Online education worries some

Students will be able to have more educational learning opportunities in Iowa but some locals are not confident in the new programs.


By Jason Estrada

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Despite approval from the Iowa Legislature, a new bill allowing students to enroll in online schools receives mixed reviews from the local School District.
The bill, SF 475, would lift limits on the number of enrolled students receiving education and will allow any school districts to offer online learning to their own students.

“My concerns lie with versions of the bill that go so far as allowing private for-profit and public charter schools to operate outside the rules that public schools must conform to,” said Iowa City School District Superintendent Stephen Murley, who has some concerns about the approval of the bill.

For one, Murley said he is worried how the rules are written in the bill in regards to improve the learning opportunities for both students and parents.

“If districts are able to offer truly online options that do not require seat time and are based on competency measures, then yes,” he said. “Districts will be able to provide truly alternative opportunities to students and parents.”

In addition, Murley said he believes the bill will take money out of the public schools, which may pose a problem.

Currently, only two school districts, CAM School District and Clayton Ridge, have been approved by the state to offer online education through open enrollment. Both of the school districts have partnered with private providers to offer online education.

Staci Hupp Ballard, the communications director of the Iowa Department of Education, said some students need more personalized instruction than a traditional classroom would provide.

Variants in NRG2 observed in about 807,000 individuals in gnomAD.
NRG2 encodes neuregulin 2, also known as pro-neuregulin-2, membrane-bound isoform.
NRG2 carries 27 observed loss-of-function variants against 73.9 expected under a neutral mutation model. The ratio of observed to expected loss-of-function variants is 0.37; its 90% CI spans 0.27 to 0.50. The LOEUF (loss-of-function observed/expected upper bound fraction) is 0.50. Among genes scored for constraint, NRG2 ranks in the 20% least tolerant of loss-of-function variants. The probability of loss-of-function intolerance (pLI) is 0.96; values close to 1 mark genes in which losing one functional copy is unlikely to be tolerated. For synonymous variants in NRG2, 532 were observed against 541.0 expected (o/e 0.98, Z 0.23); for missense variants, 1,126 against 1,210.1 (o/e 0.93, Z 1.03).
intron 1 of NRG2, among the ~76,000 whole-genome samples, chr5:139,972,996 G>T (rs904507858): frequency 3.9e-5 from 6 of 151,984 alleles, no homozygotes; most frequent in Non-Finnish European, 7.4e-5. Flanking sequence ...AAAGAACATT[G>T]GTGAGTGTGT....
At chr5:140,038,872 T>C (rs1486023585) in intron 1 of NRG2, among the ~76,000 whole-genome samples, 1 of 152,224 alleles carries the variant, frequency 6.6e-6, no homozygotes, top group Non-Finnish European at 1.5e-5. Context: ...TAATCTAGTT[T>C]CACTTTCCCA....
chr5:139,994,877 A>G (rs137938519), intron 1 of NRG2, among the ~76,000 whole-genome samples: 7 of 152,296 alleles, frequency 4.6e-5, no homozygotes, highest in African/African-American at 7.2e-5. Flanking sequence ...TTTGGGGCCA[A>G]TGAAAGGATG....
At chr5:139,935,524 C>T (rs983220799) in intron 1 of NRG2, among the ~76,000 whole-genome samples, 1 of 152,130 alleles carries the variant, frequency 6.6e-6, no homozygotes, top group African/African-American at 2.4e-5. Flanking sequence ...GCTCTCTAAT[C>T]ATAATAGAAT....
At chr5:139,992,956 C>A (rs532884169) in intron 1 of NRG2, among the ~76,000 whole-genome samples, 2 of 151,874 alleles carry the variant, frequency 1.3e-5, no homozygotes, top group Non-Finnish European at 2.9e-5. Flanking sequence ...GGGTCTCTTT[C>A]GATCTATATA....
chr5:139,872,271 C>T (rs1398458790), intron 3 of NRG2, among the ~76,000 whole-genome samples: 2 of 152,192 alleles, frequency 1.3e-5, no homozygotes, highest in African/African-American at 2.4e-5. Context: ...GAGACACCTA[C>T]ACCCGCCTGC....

“Whether that’s because a student is gifted and talented, or has fallen behind in school, or maybe at risk of dropping out of school, or has been harassed or bullied — those are some reasons that a traditional classroom may not be the right fit for some students,” she said.

The Iowa Department of Education is neutral aboout the bill, Ballard said. It supports online courses because it follows the statewide academic standards in Iowa. However, Ballard said, officials still have questions about the bill.

Despite not physically being in schools, Ballard said students in online schools can still participate in extracurricular activities because they are still enrolled in an online school, but the school districts could possibly charge a fee for providing the activity.

Government relations director Phil Jeneary of the Iowa Association of School Boards supports the bill because it will ensure students are receiving a quality education.

“We realized that with the diversity of education, that some students might benefit from taking an online class, and we’re supportive of that,” he said.

A concern that he raised is if students leave the districts to take their entire coursework online, which would be a drawback for public schools.

“We feel that the public schools do a fantastic job now of giving each student the education that they need,” he said. “We feel that our teachers, our administrators, and our schools are already doing a great job delivering the education that every student needs.”

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